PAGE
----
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Front-End Development

WhatPack? A FED guide to webpack’s mysteries.

Webpack Blog Meme

What’s the problem?

Web development has had innumerable changes over the years and the term “front end” developer has expanded to include new ways to layout pages, new JavaScript libraries to learn and new ways to style your creations.   This complexity comes with challenges on how to organize everything. In an Enterprise team environment the need to optimize for many devices, keep track of where things are and what they do is vitally important.

As good developers we break out our code into separate files that are related to portions of our site for easy editing and readability but we then run into the problem of how to put this all together in a maintainable way.  This is where webpack comes in.

What Webpack does

Webpack at the simplest level is able to do any file conversion (transpiling) needed that any browser can understand and condense whatever you tell it into a single file.  This would be a javascript file, but we don’t usually use just one JS file, as front end people we want a CSS file too! More on this later.

How webpack is set up

Webpack is a Node.js module, so make sure you install that on your system first!

You start by initializing it in your project directory.  When you initialize node, a new folder called “node_modules” is created and anything Node might need is put in there. This changes as you install other things.

Installing Node

npm init -y    // tell node to create needed files and don't ask me questions

Installing Webpack

Next, we can install webpack. There are two parts. First are the core files for webpack, the second is the command line interface (CLI) which we need to give webpack commands in the terminal window.

npm install webpack webpack-cli --save-dev

A note on dependencies
When installing modules, some may only be needed while you are developing (development), and some might be needed on the server (production).  To tell node how to treat each you use a command line option of –save for use on production or –save-dev for use only for local development. This will be written to a file called “package.json” in the appropriate spot.

The package.json file

Whenever you first install a module a file called package.json is created in your project root folder.  This keeps track of all the regular and dev dependencies your application requires.  It will by default get the latest of each and have a ^ at the start of the version meaning it will auto-update to get the latest compatible (usually only minor) version.  If you don’t want that to happen, remove the caret from the start.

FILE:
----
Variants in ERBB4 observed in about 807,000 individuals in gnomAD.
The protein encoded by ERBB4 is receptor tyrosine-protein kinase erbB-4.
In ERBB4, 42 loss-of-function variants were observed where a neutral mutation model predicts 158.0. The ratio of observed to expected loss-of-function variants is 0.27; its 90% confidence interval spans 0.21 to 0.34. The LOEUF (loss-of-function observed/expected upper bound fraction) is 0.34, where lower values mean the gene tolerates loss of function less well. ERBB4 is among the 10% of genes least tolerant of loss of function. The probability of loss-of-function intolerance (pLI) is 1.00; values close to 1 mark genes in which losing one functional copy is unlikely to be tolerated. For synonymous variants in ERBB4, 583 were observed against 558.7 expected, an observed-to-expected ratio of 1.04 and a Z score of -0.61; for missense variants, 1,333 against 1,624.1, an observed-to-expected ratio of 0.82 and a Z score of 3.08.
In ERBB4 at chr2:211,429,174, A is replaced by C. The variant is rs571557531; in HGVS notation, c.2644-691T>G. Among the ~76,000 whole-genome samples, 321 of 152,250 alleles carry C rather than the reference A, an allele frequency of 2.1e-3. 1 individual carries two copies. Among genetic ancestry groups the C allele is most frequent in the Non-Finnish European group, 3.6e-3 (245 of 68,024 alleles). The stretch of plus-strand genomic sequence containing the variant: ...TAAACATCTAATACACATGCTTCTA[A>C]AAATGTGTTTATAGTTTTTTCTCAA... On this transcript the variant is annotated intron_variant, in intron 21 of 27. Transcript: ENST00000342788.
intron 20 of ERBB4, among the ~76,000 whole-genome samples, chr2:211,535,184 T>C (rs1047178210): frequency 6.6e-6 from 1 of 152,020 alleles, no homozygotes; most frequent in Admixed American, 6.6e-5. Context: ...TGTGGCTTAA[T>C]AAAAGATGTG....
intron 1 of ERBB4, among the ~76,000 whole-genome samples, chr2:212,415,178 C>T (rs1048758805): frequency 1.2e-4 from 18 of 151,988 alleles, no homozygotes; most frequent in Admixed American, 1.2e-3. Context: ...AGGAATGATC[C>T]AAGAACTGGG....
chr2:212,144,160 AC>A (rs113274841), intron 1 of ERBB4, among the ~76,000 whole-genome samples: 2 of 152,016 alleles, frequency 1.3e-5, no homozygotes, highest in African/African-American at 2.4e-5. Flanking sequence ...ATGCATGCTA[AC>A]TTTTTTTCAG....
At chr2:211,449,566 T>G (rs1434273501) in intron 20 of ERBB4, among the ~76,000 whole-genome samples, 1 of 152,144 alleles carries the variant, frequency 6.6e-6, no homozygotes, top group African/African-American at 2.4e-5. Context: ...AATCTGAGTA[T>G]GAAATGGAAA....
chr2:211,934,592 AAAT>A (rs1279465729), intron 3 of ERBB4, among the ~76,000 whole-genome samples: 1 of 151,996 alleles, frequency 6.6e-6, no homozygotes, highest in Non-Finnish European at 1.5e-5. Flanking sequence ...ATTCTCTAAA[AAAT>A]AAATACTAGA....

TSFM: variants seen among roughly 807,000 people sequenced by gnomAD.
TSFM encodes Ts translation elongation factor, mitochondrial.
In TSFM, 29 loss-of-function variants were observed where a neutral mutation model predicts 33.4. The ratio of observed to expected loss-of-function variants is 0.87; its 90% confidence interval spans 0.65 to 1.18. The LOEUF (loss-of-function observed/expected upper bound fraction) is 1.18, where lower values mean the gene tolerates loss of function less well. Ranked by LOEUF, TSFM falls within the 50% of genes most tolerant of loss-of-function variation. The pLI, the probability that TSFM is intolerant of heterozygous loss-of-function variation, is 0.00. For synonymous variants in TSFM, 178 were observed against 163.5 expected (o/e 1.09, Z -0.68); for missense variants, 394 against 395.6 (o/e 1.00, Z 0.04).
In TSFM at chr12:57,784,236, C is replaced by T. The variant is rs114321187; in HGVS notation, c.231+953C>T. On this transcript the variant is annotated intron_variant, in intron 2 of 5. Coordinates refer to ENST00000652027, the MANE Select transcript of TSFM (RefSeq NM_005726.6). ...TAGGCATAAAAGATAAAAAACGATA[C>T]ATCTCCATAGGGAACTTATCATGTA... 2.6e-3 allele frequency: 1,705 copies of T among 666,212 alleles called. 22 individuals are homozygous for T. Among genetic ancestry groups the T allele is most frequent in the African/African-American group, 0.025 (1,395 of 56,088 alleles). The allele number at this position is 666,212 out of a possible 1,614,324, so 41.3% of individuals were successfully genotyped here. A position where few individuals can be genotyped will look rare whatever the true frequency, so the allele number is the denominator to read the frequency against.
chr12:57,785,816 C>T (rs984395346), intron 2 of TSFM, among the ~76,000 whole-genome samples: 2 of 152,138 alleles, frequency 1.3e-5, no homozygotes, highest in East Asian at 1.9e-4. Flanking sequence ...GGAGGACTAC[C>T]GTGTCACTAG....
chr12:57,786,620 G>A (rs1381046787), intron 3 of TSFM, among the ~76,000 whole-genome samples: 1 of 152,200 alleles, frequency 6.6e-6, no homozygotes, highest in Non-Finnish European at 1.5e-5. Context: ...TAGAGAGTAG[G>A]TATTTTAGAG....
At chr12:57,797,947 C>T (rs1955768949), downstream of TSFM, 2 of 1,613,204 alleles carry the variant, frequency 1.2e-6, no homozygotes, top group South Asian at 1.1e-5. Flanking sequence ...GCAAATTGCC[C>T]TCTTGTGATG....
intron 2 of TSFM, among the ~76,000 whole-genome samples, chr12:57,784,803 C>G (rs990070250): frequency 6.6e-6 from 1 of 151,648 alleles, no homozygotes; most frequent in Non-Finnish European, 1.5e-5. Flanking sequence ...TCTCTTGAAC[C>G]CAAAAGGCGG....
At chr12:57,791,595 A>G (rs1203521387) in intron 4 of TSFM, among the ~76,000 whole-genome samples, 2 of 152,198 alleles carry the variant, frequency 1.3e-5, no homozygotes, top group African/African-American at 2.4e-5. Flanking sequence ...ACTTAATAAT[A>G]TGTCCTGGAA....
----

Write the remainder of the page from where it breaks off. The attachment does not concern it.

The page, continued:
A sample package.json file:

  "name": "Webpack5",
  "version": "1.0.0",
  "description": "",
  "main": "index.js",
  "scripts": {
    "dev": "webpack --config",
    "prod": "webpack --config"
  "keywords": [],
  "author": "",
  "license": "ISC",
  "devDependencies": {
    "@babel/core": "^7.20.5",
    "@babel/preset-env": "^7.20.2",
    "babel-loader": "^9.1.0",
    "clean-webpack-plugin": "^4.0.0",
    "css-loader": "^6.7.2",
    "html-webpack-plugin": "^5.5.0",
    "mini-css-extract-plugin": "^2.7.2",
    "sass": "^1.56.2",
    "sass-loader": "^13.2.0",
    "style-loader": "^3.3.1",
    "webpack": "^5.75.0",
    "webpack-cli": "^5.0.1",
    "webpack-dev-server": "^4.11.1"
  "dependencies": {
    "handlebars": "^4.7.7"

There are many things already installed in this package.json file and we’ll go over some of the most important ones in future entries.

A forest of trees

In the beginning, I explained that webpack pulls things together into a single javascript file, but how?

The way webpack knows where to find things is for us to tell it where to find a javascript file to read further instructions. This is called a configuration file.  The “config” file gives webpack the location of our “entry” point, or points.  This is just a path to a folder or an index.js file. If you don’t specify an index.js file, it will try to find it by default in the folder specified.

OK, but how does it start looking?

Back in that package.json file there is a section called “scripts.”  It gets generated with a default one, you can remove that.
Soon, we’ll be “running” one of these scripts and that’s how webpack gets started.

Here we have two scripts that point to separate configuration files.  Just a heads up we usually have two so you can do things faster when developing running “dev”, and when you are ready to produce code for the server, you run the “prod” script instead. We’ll get to that later.

 "scripts": { 
     "dev": "webpack --config", 
     "prod": "webpack --config" 

What the config files will contain are all the rules, locations, and other settings webpack needs to collect everything into our final files.

We’ll be setting things up for webpack to:

  1. read a configuration file
  2. find the index.js file
  3. the index.js will usually include other files like more js, css, sass or even images.
  4. process everything as needed
  5. output the final files we need in the formats we specify
  6. profit?

The whole process is branching from the first index.js to any other files it requires all the way down the line.


Next: Webpack: It Configures






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Ed Murphy

Ed Murphy is a Front End development veteran with over 20 years of experience. He’s constantly investigating the newest technologies available for the front-end developer and enjoys teaching others, as that’s the best way to teach yourself.

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